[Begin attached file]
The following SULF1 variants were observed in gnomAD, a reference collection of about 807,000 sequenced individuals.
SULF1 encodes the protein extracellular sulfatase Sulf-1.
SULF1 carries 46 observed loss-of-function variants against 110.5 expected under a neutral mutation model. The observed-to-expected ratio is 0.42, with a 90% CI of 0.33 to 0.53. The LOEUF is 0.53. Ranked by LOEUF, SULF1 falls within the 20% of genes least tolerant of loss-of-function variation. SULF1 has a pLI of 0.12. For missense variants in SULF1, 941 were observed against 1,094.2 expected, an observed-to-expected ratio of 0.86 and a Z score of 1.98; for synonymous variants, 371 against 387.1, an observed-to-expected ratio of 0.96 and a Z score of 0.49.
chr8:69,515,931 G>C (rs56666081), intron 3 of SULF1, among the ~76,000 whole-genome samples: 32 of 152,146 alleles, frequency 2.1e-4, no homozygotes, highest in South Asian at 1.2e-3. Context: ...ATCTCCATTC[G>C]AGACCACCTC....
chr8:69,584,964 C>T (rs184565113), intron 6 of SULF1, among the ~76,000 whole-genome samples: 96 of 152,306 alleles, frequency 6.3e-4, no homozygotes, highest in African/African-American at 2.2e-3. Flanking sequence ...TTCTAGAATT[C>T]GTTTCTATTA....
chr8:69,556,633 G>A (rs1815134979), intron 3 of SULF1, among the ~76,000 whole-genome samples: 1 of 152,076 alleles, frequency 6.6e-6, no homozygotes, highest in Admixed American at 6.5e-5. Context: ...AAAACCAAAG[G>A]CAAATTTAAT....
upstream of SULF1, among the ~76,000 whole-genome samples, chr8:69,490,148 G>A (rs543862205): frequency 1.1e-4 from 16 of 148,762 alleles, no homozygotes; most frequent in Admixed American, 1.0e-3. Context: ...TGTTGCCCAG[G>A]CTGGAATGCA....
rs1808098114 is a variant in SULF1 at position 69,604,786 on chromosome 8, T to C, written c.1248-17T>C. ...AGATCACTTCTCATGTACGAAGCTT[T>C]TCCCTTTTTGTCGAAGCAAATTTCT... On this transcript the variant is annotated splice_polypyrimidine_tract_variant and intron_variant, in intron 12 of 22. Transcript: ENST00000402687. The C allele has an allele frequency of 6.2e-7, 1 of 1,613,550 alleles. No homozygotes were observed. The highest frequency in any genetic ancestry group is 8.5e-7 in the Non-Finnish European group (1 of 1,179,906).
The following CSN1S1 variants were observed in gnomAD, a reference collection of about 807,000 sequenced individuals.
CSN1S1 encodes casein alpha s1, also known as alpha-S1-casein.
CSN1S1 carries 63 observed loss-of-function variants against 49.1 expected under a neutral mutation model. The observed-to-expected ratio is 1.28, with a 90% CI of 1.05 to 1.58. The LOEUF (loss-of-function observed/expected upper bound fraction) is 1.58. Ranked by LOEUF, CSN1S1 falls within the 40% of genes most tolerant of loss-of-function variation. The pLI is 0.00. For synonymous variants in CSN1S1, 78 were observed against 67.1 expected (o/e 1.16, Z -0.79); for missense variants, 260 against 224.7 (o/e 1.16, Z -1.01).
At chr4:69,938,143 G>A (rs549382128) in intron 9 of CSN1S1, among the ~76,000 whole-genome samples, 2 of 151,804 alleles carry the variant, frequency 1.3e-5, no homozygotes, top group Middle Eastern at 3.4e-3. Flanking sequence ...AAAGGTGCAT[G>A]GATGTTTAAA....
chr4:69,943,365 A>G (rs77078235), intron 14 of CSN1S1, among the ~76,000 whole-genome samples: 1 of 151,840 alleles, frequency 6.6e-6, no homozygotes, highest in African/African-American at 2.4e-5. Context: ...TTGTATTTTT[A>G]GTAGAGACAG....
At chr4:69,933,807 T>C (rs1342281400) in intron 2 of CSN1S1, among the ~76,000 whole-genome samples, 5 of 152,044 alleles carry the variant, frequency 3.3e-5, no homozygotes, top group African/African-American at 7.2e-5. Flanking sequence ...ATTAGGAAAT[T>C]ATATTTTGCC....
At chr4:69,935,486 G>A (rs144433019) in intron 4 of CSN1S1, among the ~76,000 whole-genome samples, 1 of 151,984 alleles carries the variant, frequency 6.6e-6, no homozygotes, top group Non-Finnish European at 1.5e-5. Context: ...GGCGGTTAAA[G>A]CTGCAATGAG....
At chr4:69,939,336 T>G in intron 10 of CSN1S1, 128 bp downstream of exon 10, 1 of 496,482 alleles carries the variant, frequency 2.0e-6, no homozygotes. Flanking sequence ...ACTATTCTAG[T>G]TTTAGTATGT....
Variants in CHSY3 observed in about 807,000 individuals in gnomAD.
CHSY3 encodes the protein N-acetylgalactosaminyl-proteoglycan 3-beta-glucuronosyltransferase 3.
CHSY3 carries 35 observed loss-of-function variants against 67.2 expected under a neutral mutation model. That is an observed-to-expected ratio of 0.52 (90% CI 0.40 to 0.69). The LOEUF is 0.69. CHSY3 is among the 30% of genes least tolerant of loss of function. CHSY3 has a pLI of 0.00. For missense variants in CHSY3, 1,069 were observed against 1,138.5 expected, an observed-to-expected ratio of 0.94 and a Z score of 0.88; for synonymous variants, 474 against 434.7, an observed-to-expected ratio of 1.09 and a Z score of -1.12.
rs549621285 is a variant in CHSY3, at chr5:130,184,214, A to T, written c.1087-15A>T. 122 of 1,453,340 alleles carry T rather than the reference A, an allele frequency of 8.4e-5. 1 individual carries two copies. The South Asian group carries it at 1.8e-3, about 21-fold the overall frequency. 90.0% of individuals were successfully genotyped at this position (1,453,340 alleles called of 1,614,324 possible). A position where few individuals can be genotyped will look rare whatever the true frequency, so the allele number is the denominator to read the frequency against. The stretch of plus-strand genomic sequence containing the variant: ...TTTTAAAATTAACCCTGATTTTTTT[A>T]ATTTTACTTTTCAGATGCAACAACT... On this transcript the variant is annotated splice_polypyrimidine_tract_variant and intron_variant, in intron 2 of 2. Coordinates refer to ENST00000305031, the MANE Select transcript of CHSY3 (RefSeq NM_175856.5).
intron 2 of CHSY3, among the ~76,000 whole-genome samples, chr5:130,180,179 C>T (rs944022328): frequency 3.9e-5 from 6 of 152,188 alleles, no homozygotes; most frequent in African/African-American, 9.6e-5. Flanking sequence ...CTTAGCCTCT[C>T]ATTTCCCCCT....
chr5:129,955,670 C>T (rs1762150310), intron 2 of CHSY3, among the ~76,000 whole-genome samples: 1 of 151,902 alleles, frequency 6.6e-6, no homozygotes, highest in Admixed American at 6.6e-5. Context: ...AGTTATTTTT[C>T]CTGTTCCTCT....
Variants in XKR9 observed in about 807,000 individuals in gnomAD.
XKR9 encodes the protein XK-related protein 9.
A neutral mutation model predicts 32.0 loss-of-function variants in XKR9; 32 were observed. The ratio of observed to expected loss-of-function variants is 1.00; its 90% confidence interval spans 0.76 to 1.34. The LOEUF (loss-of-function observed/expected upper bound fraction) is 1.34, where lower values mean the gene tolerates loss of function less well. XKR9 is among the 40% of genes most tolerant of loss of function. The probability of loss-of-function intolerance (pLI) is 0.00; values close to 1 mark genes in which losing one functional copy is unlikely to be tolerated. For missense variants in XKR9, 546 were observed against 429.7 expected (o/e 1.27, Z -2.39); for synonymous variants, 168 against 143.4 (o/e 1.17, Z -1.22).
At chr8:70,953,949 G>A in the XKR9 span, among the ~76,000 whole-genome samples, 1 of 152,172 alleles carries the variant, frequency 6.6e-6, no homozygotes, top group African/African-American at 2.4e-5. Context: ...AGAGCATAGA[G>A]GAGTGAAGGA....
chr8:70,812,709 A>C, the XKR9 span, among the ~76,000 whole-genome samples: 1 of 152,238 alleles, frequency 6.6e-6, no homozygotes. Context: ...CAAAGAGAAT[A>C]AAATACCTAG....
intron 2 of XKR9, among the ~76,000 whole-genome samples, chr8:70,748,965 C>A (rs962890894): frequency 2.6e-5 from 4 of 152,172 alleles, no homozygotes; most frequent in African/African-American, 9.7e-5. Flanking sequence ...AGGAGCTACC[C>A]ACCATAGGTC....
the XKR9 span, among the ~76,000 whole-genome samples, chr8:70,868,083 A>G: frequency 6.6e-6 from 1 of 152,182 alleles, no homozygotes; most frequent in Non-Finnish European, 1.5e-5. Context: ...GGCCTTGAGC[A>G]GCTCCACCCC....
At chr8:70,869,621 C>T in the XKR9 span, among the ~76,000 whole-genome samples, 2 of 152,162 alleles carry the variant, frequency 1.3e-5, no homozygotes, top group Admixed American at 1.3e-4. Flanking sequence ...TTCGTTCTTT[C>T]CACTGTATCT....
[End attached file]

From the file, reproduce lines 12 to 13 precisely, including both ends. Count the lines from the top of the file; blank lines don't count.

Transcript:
At chr4:69,938,143 G>A (rs549382128) in intron 9 of CSN1S1, among the ~76,000 whole-genome samples, 2 of 151,804 alleles carry the variant, frequency 1.3e-5, no homozygotes, top group Middle Eastern at 3.4e-3. Flanking sequence ...AAAGGTGCAT[G>A]GATGTTTAAA....
chr4:69,943,365 A>G (rs77078235), intron 14 of CSN1S1, among the ~76,000 whole-genome samples: 1 of 151,840 alleles, frequency 6.6e-6, no homozygotes, highest in African/African-American at 2.4e-5. Context: ...TTGTATTTTT[A>G]GTAGAGACAG....